The Corner

Beating Down the Multitude & Scoffing at the Wise

Public-policy makers in Washington and many state capitals seem bound and determined to worsen the economic recession by burdening cash-strapped households and businesses with new taxes, fees, restrictions, and paperwork. Conservative and libertarian think-tankers continue to document the consequences.

• The tax bill from “cap-and-trade” proposals will be steep, according to a new report from the Tax Foundation. Forget all the promises of offsetting it with a few hundred dollars in federal tax credits. Adjunct scholar Andrew Chamberlain estimates that cap-and-trade will cost the average household $1,218. In share of income terms, the bite will be bigger at the low end of the distribution — 6.2 percent of income for the lowest 20 percent of households, 3.2 percent for the next quintile, and 2.4 percent for the middle quintile. Regionally, the South gets socked. Gee, thanks.

• The Manhattan Institute’s Steven Malanga offers a great case study of the effects of government regulation on entrepreneurship: the dance-studio business. As a former dance teacher myself, I appreciate Malanga’s Dancing with the Stars tie-in and a personal example closer to his heart:

Ask the typical dance studio owner about government and the first thing he or she will probably tell you about are all the ways it makes life difficult: the building inspector who suddenly decides there’s something wrong with the ceiling in the studio that he’s seen a dozen times before but now deems a violation. The incessantly rising property taxes that eat up some of the incremental revenue you’ve earned from expanding. The state labor department that keeps trying to get you to pay unemployment insurance for that freelance instructor who shows up once a month to teach a random lesson—forcing you to tell the guy he can’t come to your place anymore because it isn’t worth the cost of hiring lawyers to fend off government.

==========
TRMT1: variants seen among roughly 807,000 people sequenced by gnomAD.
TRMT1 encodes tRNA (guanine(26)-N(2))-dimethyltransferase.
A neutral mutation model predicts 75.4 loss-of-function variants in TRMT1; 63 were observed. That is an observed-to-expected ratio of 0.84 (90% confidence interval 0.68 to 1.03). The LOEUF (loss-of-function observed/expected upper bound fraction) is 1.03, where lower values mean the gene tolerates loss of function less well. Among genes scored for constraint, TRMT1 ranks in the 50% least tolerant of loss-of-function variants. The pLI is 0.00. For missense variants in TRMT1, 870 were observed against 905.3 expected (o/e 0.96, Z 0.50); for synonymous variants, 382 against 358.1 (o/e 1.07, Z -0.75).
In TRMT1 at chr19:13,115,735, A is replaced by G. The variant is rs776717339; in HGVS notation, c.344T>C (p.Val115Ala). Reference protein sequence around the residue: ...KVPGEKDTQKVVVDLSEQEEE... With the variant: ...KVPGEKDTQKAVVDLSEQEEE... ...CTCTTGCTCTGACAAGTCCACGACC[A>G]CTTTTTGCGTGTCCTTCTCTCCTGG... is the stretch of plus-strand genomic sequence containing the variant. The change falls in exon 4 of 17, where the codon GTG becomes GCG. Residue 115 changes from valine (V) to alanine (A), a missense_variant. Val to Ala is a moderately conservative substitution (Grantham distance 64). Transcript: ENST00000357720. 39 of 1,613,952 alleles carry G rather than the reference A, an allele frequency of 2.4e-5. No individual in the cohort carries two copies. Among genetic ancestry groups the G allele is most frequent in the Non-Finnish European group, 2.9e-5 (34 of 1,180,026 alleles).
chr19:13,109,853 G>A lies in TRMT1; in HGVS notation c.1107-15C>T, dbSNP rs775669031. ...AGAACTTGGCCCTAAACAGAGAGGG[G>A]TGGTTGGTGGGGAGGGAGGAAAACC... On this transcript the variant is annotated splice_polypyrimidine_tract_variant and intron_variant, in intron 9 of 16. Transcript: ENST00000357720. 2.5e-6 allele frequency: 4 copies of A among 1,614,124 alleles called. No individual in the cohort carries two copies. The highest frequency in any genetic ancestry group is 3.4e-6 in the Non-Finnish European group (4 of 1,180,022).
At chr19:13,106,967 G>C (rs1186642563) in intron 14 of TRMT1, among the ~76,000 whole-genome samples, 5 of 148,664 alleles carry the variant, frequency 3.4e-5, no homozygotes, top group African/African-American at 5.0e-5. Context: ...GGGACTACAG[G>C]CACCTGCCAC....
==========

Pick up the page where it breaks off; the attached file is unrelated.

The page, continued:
It was just such headaches that helped prompt my wife to give up a few years ago her studio in New York City, maybe the toughest place to do business in America.

• Other jurisdictions are contesting NYC for the title, unfortunately. The Reason Foundation’s Leonard Gilroy offers an instructive comparison between California and Texas. The Golden State uses tax policy to punish success and regulatory policy to discourage entrepreneuership. The Lone Star State imposes some of the nation’s lowest tax and regulatory costs. The results couldn’t be clearer. Among other indicators, Texas was the site of 70 percent of all new job creation in the United States last year.

• Even after Arlen Specter came out against the union bully bill, at least for now, why are Democratic members of Congress pushing forward with card check or similar measures to weaken the secret ballot and impose binding arbitration on unionized workplaces? Some Republicans allege that the Democrats are simply too beholden to labor union support to stand up against their political benefactors, but that doesn’t quite capture it. It assumes the Labor and the Dems are two different groups. As the Mackinac Center’s Paul Kersey explains, card check is as much about strengthening Democratic politics as anything else.

• Stitching these kinds of issues together into a coherent political message will be a challenge. NR’s own Ramesh Ponnuru speculated about the future of conservative politics during a speech at my think tank, the John Locke Foundation. You can watch it at our video site, Carolina Journal TV. Look for the “Locke Box” feature.

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